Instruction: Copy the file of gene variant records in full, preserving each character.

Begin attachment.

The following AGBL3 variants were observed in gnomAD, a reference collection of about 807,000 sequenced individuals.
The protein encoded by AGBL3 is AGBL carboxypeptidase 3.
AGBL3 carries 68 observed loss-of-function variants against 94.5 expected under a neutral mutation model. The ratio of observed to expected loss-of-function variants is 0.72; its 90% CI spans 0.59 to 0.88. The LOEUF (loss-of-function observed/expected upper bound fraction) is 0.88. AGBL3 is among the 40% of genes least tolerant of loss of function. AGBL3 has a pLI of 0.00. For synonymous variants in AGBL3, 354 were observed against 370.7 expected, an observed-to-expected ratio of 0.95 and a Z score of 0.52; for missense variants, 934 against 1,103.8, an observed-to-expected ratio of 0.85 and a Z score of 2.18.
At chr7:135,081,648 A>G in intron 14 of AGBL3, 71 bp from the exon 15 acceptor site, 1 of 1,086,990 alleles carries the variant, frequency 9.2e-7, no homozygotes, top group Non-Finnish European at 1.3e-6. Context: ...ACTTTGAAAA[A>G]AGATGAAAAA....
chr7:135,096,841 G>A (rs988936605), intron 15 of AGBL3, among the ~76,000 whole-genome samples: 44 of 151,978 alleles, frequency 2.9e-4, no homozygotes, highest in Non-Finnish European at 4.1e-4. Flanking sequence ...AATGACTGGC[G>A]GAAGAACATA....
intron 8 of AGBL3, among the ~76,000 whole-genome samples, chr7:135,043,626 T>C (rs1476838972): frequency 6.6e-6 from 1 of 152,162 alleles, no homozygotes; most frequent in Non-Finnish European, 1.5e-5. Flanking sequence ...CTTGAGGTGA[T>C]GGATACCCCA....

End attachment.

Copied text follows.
The following AGBL3 variants were observed in gnomAD, a reference collection of about 807,000 sequenced individuals.
The protein encoded by AGBL3 is AGBL carboxypeptidase 3.
AGBL3 carries 68 observed loss-of-function variants against 94.5 expected under a neutral mutation model. The ratio of observed to expected loss-of-function variants is 0.72; its 90% CI spans 0.59 to 0.88. The LOEUF (loss-of-function observed/expected upper bound fraction) is 0.88. AGBL3 is among the 40% of genes least tolerant of loss of function. AGBL3 has a pLI of 0.00. For synonymous variants in AGBL3, 354 were observed against 370.7 expected, an observed-to-expected ratio of 0.95 and a Z score of 0.52; for missense variants, 934 against 1,103.8, an observed-to-expected ratio of 0.85 and a Z score of 2.18.
At chr7:135,081,648 A>G in intron 14 of AGBL3, 71 bp from the exon 15 acceptor site, 1 of 1,086,990 alleles carries the variant, frequency 9.2e-7, no homozygotes, top group Non-Finnish European at 1.3e-6. Context: ...ACTTTGAAAA[A>G]AGATGAAAAA....
chr7:135,096,841 G>A (rs988936605), intron 15 of AGBL3, among the ~76,000 whole-genome samples: 44 of 151,978 alleles, frequency 2.9e-4, no homozygotes, highest in Non-Finnish European at 4.1e-4. Flanking sequence ...AATGACTGGC[G>A]GAAGAACATA....
intron 8 of AGBL3, among the ~76,000 whole-genome samples, chr7:135,043,626 T>C (rs1476838972): frequency 6.6e-6 from 1 of 152,162 alleles, no homozygotes; most frequent in Non-Finnish European, 1.5e-5. Flanking sequence ...CTTGAGGTGA[T>C]GGATACCCCA....